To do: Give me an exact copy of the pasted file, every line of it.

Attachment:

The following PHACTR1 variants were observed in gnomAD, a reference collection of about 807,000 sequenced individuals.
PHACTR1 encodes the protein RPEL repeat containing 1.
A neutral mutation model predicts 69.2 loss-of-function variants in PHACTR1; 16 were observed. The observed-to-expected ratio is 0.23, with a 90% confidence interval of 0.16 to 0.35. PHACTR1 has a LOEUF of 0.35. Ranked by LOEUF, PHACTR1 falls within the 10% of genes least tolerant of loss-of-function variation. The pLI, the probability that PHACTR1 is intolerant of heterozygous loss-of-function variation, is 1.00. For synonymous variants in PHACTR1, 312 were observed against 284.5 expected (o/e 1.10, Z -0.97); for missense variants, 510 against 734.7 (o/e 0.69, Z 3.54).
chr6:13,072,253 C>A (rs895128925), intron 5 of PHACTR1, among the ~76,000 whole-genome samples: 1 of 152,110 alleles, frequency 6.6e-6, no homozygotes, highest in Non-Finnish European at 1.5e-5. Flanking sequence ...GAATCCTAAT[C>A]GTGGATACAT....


The following PHACTR1 variants were observed in gnomAD, a reference collection of about 807,000 sequenced individuals.
PHACTR1 encodes the protein RPEL repeat containing 1.
A neutral mutation model predicts 69.2 loss-of-function variants in PHACTR1; 16 were observed. The observed-to-expected ratio is 0.23, with a 90% confidence interval of 0.16 to 0.35. PHACTR1 has a LOEUF of 0.35. Ranked by LOEUF, PHACTR1 falls within the 10% of genes least tolerant of loss-of-function variation. The pLI, the probability that PHACTR1 is intolerant of heterozygous loss-of-function variation, is 1.00. For synonymous variants in PHACTR1, 312 were observed against 284.5 expected (o/e 1.10, Z -0.97); for missense variants, 510 against 734.7 (o/e 0.69, Z 3.54).
chr6:13,072,253 C>A (rs895128925), intron 5 of PHACTR1, among the ~76,000 whole-genome samples: 1 of 152,110 alleles, frequency 6.6e-6, no homozygotes, highest in Non-Finnish European at 1.5e-5. Flanking sequence ...GAATCCTAAT[C>A]GTGGATACAT....